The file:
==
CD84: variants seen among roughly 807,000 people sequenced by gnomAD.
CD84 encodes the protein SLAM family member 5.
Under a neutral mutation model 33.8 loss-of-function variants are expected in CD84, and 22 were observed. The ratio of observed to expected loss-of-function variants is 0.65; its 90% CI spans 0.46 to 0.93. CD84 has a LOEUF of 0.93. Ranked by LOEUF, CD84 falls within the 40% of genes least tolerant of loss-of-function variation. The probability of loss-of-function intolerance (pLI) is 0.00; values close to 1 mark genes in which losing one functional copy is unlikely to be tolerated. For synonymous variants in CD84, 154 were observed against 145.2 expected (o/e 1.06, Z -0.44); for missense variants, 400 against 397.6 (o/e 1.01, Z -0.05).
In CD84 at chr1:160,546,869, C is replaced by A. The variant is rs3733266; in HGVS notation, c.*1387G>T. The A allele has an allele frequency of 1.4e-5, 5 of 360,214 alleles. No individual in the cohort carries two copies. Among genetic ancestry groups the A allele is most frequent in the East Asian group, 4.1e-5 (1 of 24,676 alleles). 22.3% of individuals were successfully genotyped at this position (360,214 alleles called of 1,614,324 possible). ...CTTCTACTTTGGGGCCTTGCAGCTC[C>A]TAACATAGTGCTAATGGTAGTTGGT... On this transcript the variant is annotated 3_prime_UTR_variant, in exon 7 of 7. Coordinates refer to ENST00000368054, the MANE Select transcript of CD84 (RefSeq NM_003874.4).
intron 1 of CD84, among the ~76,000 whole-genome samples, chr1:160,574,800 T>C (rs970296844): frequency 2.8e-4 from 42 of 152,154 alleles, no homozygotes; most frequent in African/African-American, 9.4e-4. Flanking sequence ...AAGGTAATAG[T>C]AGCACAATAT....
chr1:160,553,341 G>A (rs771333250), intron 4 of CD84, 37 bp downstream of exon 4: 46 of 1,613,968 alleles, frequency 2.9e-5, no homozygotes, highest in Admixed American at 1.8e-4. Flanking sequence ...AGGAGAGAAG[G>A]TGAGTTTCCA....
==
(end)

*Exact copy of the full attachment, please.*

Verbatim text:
CD84: variants seen among roughly 807,000 people sequenced by gnomAD.
CD84 encodes the protein SLAM family member 5.
Under a neutral mutation model 33.8 loss-of-function variants are expected in CD84, and 22 were observed. The ratio of observed to expected loss-of-function variants is 0.65; its 90% CI spans 0.46 to 0.93. CD84 has a LOEUF of 0.93. Ranked by LOEUF, CD84 falls within the 40% of genes least tolerant of loss-of-function variation. The probability of loss-of-function intolerance (pLI) is 0.00; values close to 1 mark genes in which losing one functional copy is unlikely to be tolerated. For synonymous variants in CD84, 154 were observed against 145.2 expected (o/e 1.06, Z -0.44); for missense variants, 400 against 397.6 (o/e 1.01, Z -0.05).
In CD84 at chr1:160,546,869, C is replaced by A. The variant is rs3733266; in HGVS notation, c.*1387G>T. The A allele has an allele frequency of 1.4e-5, 5 of 360,214 alleles. No individual in the cohort carries two copies. Among genetic ancestry groups the A allele is most frequent in the East Asian group, 4.1e-5 (1 of 24,676 alleles). 22.3% of individuals were successfully genotyped at this position (360,214 alleles called of 1,614,324 possible). ...CTTCTACTTTGGGGCCTTGCAGCTC[C>A]TAACATAGTGCTAATGGTAGTTGGT... On this transcript the variant is annotated 3_prime_UTR_variant, in exon 7 of 7. Coordinates refer to ENST00000368054, the MANE Select transcript of CD84 (RefSeq NM_003874.4).
intron 1 of CD84, among the ~76,000 whole-genome samples, chr1:160,574,800 T>C (rs970296844): frequency 2.8e-4 from 42 of 152,154 alleles, no homozygotes; most frequent in African/African-American, 9.4e-4. Flanking sequence ...AAGGTAATAG[T>C]AGCACAATAT....
chr1:160,553,341 G>A (rs771333250), intron 4 of CD84, 37 bp downstream of exon 4: 46 of 1,613,968 alleles, frequency 2.9e-5, no homozygotes, highest in Admixed American at 1.8e-4. Flanking sequence ...AGGAGAGAAG[G>A]TGAGTTTCCA....